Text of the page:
The purpose of this article is to show the reason why criminal liability of juristic persons depends on the definition of the concept of juristic persons in private law. For the juristic person to be capable of being liable for criminal acts, it should be devised as an independent entity that has a will of its own, distinct from that of the people who make up the juristic person, thereby relying on the organic theory. The juristic person cannot be regarded as a mere ‘fiction’ where its representatives’ will ‘is deemed’ to be its own will. The Czech law on criminal liability of juristic persons is therefore based on the organic theory. This law only provides for criminal liability of juristic persons. However, it is left to private law to determine what a juristic person is and what its acts are. Thus, a juristic person can only be the perpetrator of a criminal act if this is made possible by its construction in private law. But Czech private law currently stems from the theory of fiction. The result is that this law can only be applied at the cost of courts adopting an interpretation that completely diverges from the literal wording of the law. The contribution shows the specific problems caused by the incongruent concepts of juristic persons in criminal law and in private law, and the options for addressing this incongruence.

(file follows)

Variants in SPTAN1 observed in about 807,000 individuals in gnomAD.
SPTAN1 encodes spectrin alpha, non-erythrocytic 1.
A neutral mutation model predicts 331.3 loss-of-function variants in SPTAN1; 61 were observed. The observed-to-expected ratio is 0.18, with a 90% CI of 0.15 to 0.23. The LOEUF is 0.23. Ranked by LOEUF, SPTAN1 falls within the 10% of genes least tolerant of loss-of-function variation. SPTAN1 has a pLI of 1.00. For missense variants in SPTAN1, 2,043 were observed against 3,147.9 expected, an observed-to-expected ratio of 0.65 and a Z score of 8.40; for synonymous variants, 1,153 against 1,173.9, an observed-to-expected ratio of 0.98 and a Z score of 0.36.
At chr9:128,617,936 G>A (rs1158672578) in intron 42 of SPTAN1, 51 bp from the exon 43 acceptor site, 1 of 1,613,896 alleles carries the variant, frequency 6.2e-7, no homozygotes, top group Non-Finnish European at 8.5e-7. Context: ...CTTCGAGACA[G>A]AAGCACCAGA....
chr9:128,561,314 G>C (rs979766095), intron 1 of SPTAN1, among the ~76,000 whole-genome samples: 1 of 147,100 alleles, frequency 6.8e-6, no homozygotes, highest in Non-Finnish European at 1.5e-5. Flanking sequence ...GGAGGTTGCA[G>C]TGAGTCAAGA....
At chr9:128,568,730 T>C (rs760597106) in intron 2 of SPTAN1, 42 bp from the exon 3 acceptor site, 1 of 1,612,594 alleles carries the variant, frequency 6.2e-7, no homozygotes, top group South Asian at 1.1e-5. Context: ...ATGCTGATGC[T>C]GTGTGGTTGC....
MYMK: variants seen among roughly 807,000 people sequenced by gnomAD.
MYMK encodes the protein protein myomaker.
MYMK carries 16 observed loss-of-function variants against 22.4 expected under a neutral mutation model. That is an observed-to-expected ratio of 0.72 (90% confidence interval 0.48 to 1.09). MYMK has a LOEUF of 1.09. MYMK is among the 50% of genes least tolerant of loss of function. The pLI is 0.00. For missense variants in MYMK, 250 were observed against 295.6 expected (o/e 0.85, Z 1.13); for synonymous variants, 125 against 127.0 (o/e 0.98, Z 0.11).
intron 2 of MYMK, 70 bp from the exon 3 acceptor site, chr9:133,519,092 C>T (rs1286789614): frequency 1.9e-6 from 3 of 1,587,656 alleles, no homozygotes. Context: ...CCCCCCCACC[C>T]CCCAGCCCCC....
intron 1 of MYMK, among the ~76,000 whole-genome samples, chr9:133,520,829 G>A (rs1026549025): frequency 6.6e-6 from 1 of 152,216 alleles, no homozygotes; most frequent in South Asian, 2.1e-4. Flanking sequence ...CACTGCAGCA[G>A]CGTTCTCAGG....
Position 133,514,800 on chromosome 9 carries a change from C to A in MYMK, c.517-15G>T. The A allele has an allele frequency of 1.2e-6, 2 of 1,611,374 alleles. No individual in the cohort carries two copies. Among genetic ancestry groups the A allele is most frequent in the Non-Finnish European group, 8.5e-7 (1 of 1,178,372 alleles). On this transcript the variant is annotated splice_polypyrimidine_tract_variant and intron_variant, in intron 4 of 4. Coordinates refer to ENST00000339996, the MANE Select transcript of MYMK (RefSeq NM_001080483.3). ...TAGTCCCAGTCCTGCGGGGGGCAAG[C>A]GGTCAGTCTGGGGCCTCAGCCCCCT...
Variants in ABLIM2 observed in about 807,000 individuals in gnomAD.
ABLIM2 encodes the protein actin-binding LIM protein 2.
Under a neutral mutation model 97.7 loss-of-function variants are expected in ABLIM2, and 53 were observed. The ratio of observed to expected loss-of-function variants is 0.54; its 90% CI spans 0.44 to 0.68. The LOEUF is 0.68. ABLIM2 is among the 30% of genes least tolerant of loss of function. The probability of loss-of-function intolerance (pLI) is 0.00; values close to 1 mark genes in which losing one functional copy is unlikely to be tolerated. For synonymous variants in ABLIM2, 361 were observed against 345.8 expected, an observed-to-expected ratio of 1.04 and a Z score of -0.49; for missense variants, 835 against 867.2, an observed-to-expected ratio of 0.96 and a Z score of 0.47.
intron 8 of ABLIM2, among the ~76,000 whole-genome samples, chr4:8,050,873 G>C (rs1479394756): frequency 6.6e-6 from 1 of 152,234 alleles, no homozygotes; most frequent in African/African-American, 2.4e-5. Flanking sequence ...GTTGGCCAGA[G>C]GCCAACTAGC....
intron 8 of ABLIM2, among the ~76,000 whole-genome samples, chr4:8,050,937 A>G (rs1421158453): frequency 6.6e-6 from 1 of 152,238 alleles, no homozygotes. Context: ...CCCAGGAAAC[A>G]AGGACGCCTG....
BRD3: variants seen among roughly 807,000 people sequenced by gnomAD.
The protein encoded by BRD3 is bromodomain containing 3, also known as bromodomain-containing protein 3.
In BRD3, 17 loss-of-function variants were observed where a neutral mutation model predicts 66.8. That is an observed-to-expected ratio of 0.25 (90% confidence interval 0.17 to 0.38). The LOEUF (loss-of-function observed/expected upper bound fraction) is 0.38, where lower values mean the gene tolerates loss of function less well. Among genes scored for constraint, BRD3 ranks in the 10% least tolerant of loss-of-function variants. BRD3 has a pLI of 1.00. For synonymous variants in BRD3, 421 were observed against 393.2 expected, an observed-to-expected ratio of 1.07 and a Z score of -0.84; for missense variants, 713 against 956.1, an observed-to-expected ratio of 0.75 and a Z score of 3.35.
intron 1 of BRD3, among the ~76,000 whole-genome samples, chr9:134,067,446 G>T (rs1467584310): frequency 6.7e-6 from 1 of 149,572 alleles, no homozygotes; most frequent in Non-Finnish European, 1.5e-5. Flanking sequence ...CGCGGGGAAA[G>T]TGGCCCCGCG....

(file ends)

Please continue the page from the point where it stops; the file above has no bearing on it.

Beran, Karel, How Criminal Liability of Juristic Persons Depends on the Concept of Juristic Persons in Private Law (January 30, 2015). European Criminal Law Review (EuCLR) Vol 5 (2015), no 2, p 161-193.